The leadership landscape is dramatically shifting: 2015’s Performance Theatre met in unchartered waters. Some of the world’s most inspiring and successful leaders are also some of its most dangerous. Calls for action around climate change got louder and bolder as the weeks continued to countdown to COP21 in Paris. And we saw one of the largest generations in history – the Millennials – leading the charge to reshape the economy, forcing companies to examine how they do business for decades to come.

Our ambition for The Performance Theatre in 2015, held in Lisbon, was to draw on Portugal’s rich explorer history and build insight into the new leadership landscape. What does it look like? What can we learn from those at the front line of change? How can 21st century leadership be taught and learned?

A guiding principle throughout the theatre was how we can reinvent growth: so it works with and not against nature; benefits larger numbers of people; and delivers value over the longer term.

The programme: Exploring the new leadership landscape

Taking our inspiration from theatre, our programme took the form of five Acts.

The first, ‘Witnesses to history in the making’ provided eye-opening context about the complexities of the new leadership landscape. Leaders from business, religion, humanitarian aid, and the military, each nominated a ‘witness’: a frontline actor from a major fault line of change.

Ajay Banga, CEO of MasterCard, appeared alongside his nominated witness, Chetna Sinha, founder of the Mann Deshi Mahila Bank, which aspires to launch one million rural women entrepreneurs. Yves Daccord, director-general of the International Committee of the Red Cross (ICRC), was with Omar Odeh, an aid worker specialising in protection and programme management, currently deputy head of delegation for Somalia at the ICRC. Lieutenant-general Sir Graeme Lamb nominated James Le Mesurier, director of Mayday Rescue, Syria Civil Defence; and Bawa Jain of the World Council of Religious Leaders appeared alongside Masomah Regl, a young woman who was born in Kabul and survived a rocket attack. All had exceptional stories to tell.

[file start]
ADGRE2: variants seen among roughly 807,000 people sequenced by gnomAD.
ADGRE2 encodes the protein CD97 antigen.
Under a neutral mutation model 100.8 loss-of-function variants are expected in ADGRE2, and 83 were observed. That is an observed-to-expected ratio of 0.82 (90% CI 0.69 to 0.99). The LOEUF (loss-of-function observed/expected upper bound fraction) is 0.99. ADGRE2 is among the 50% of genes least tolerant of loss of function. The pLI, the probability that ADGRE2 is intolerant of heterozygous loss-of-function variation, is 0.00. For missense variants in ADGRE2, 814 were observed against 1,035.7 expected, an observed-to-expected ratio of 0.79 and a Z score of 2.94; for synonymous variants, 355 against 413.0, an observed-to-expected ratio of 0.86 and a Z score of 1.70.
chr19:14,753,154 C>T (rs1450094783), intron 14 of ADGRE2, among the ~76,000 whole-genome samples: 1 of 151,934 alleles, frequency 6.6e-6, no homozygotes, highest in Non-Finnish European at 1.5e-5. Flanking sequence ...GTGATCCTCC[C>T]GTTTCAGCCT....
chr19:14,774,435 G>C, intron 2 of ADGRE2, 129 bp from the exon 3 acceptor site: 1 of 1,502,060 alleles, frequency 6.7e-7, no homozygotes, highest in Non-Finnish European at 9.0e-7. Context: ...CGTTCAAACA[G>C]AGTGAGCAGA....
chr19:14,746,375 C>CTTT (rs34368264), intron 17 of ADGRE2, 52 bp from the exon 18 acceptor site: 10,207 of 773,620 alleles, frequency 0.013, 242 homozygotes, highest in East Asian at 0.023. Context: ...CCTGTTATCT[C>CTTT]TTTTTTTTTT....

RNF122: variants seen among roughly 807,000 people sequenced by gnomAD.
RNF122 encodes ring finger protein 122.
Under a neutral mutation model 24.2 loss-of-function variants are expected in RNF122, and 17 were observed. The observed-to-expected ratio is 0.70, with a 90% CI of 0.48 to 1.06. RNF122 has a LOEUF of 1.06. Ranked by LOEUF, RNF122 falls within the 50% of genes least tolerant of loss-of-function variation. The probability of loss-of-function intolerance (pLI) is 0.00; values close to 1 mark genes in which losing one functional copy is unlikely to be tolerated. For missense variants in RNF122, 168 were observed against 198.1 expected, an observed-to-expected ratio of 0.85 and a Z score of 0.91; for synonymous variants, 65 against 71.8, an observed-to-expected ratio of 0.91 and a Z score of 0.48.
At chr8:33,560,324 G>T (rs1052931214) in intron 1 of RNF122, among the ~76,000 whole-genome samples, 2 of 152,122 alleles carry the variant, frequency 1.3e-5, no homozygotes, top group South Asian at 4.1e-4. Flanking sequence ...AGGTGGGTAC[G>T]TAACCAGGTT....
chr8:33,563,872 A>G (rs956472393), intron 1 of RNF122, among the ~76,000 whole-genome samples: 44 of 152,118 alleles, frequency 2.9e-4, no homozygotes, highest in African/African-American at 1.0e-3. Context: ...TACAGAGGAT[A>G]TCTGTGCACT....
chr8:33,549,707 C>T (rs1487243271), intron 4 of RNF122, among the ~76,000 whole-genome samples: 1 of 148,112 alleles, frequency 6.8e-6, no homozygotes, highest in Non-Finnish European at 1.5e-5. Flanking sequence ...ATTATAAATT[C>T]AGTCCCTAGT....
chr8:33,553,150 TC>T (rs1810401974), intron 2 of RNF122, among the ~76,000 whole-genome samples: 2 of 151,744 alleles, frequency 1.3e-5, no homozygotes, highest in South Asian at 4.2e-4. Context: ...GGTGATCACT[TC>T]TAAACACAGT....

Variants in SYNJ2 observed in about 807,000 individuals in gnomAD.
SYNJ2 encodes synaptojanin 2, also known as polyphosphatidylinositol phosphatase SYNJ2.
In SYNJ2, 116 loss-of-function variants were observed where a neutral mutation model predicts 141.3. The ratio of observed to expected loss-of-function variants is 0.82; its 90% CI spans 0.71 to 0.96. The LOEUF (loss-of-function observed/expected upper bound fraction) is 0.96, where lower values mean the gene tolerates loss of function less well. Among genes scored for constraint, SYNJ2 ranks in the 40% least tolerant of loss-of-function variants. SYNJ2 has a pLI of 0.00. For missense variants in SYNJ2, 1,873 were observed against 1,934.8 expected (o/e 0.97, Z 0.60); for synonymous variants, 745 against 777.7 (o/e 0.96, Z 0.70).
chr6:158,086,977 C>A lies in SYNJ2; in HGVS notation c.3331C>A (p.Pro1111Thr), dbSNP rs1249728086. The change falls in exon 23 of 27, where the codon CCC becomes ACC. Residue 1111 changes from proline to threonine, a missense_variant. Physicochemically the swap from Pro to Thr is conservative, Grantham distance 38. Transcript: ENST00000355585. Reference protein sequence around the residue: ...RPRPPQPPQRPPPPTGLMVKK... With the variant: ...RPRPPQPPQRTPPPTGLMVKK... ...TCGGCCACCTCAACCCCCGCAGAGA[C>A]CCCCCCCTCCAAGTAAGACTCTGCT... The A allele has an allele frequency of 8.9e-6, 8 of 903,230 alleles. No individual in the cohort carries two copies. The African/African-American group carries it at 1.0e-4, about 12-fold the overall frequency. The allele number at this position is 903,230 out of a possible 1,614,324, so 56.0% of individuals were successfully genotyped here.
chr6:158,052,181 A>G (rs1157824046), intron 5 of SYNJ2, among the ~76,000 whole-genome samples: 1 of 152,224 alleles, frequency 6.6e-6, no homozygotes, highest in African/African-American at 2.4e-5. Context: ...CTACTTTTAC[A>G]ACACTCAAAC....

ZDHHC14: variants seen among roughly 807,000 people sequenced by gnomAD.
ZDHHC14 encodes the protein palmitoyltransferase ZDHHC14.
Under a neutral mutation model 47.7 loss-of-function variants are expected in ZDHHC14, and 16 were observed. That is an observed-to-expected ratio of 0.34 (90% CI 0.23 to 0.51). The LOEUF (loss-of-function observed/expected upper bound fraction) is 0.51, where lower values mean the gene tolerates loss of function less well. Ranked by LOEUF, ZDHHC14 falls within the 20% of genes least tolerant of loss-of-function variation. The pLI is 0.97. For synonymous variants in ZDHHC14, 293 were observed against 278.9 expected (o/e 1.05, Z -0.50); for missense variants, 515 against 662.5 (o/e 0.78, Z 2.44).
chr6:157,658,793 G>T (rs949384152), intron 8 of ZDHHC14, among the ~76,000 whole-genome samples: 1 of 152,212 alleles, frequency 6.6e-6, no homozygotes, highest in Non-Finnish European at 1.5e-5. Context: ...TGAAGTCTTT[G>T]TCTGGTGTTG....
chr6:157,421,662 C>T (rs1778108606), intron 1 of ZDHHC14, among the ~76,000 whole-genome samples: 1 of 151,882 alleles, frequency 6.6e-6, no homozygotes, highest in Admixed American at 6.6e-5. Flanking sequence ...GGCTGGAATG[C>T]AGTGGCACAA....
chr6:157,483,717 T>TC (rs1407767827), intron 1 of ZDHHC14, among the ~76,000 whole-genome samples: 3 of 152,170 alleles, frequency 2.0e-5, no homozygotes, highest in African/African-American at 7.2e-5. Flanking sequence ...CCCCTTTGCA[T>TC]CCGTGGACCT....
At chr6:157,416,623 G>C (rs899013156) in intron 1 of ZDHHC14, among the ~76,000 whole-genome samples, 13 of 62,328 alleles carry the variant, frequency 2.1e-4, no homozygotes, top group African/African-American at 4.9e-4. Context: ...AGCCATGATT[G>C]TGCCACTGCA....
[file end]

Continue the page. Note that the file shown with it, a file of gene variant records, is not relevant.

Act 2 explored entrepreneur Malcolm Forbes’ famous assumption that nobody is a leader if there are no followers. With the help of panellists including: António Mexia, CEO of EDP, António Simoes, CEO of HSBC UK; Remi Eriksen, group executive vice president and COO, DNV GL Group;and Per Heggenes, CEO of the IKEA Foundation, we explored the nature of the current gaps – or fault lines – between leaders and their followers, and potential ways that leaders can bridge the gap.

Act 3 brought ‘The Lisbon Dialogues’, in which intimate groups of participants discussed topics connected to our overarching theme: exploring the new leadership landscape. We debated the energy transition: evolution or revolution? (Dialogue 1); vanguard leadership: has our next generation of leaders been taught to play the wrong game (Dialogue 2); climate change: are we serious about two degrees (Dialogue 3); development: how can we shift the conversation from ‘aid’ to ‘investment’ (Dialogue 4); and finance: how inclusive should the financial world seek to be (Dialogue 5). With contributors including Paul Polman, CEO of Unilever;Baroness Bryony Worthington, shadow minister for energy and climate change, House of Lords; Remi Eriksen, group executive vice president and COO, DNV GL Group; and Jo Confino, executive editor of The Guardian, there was some excellent discussion across all groups.

Act 4 asked: ‘Leaders create value but can values create leaders?’ We invited first panelists – including Jack Leslie, chairman of Weber Shandwick; and Hans Vestberg, president and CEO of Ericsson – and then other participants, to share personal narratives about the role that values have played in their leadership.

Act 5 rounded off the theatre with a break-out ‘walk and talk’, where participants were paired up to swap impressions about what struck them during The Performance Theatre 2015 and how this might affect their leadership in the future. We then returned to plenary for a room-wide discussion, which was followed by the presentation of the Inspired Leadership Award to Jeremy Heimans and the formal close of the theatre.

You can download the Lisbon programme here or view it as a digital publication here.

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The rise of IS, the influence of global corporations over governments or water shortages. Which global issues are most likely to keep you from sleeping soundly?

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